In the world of Self-managed Super fund, a cross-insurance policy is one wherein an SMSF trustee takes out a policy over a member’s life with the clause to deduct premium from the account of another member. In being so, the cross-insurance policy benefits the member who has paid for the insurance in case of an insurance event arising.
Not all the Super funds can be star performers, and those which can be may fail to do so consistently. Take the case of IOOF Portfolio Service. It gave a 13.8% return in the year 2013, whereas it fared miserably in 2012 giving only -1.3%. So where does this leave us? How should we go about choosing Super fund then? There is no dearth of funds which have trailed lower than inflation and for a good period of time at that.
Are you thinking about setting up your own Superannuation fund? To update you with the statistic here, you are not alone. The run of SMSF has been nothing short of incredible, and it has gathered 1 million members in a very short time. Over the last 4 years, the industry has shown 26% growth and has a whopping $560 billion in assets. So when you say you want to set up a SMSF for yourself, you are not talking balderdash for sure.
SMSF vests a lot of power in the hands of its trustees, inasmuch as the trustees feel they have a lot of control over the investments they make and flexibility in terms of choosing which one they want to go for. Obviously, not all this comes that easy. Trustees need to stand on the right side of compliance and observe various SPAA and ATO restrictions.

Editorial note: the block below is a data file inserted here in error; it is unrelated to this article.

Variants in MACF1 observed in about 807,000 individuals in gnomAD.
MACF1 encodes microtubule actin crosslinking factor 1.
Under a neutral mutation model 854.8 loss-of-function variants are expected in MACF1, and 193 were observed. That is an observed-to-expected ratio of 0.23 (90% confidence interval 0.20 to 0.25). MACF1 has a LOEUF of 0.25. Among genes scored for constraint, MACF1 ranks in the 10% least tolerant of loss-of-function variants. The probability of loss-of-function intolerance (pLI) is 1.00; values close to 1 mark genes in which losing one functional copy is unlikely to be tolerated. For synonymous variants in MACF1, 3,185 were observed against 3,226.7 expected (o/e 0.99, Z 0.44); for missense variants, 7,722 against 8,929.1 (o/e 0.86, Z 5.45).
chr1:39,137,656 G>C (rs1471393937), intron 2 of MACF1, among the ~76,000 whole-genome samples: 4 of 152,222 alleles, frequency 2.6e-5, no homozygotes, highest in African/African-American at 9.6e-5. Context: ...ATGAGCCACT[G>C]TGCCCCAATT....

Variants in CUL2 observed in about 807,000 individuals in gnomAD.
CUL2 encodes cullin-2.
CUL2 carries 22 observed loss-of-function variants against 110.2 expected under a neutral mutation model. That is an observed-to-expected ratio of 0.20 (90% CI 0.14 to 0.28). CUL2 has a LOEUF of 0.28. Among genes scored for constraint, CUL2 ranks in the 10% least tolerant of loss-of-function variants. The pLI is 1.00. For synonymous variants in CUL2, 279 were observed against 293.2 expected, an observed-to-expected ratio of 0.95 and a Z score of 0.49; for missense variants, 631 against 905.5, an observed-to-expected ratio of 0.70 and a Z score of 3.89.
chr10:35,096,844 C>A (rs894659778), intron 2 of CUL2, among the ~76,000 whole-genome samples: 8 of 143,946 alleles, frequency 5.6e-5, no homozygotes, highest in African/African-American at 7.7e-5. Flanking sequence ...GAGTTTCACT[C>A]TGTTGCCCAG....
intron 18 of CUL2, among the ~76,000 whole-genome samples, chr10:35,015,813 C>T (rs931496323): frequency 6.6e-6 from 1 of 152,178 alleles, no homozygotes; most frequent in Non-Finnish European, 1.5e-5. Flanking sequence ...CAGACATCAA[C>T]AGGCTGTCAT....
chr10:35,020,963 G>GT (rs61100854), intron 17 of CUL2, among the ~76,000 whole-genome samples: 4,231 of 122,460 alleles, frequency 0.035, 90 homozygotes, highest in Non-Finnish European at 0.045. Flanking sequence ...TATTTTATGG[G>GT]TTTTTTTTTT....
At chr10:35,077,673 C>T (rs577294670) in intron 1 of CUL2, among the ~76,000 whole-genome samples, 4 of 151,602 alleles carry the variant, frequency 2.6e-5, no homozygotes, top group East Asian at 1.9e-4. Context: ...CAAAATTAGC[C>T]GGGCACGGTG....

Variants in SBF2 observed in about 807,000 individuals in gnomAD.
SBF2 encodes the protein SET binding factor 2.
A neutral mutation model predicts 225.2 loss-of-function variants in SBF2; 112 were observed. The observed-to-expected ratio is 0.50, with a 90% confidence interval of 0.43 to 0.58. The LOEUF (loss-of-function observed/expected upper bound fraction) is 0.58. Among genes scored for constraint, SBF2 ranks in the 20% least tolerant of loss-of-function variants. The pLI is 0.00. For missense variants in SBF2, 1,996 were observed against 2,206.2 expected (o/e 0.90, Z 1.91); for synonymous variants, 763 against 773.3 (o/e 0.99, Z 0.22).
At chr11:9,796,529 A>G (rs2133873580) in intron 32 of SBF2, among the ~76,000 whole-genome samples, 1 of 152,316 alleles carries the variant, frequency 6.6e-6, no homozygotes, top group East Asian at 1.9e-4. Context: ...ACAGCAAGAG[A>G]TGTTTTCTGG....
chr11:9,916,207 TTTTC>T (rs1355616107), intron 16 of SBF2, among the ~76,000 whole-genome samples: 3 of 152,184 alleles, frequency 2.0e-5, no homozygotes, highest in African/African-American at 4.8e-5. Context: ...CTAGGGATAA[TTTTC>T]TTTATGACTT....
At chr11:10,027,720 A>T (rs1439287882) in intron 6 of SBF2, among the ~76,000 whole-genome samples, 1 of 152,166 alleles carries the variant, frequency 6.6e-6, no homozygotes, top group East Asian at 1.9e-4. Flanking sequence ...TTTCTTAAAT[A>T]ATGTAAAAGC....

A lot is being made out of the SMSF’s risk of borrowing. Funnily, and it cannot be a coincidence, that most of the vitriolic attack is launched by the big funds which have suffered immeasurably due to the growth of the SMSF industry. Now, the only avenue left to them is to malign SMSF. So, they talk about SMSF’s borrowing risk, lack of prudential regulations, and tax evasion, among other things. Let’s go through some of the illogical claims made by the SMSF attackers.
What are your long-term investment goals? What is your risk profile? Answer these questions loudly to yourself because these would determine what mix of assets will see you performing through the roof in terms of your SMSF fund.
What if your SMSF shares a bank account with various ‘related’ unit trusts? ATO guideline ‘ID 2014/7’ clearly marks out the course of action in such an event and talks about the regulations pertaining to keeping your SMSF money and assets segregated.
The SMSF industry is not governed by prudential regulations, but the strict eye of the ATO more than compensates for it. So if you are an SMSF trustee and you feel you have erred somewhere and the ATO may attend to it anytime soon, it is wise to get your folly corrected.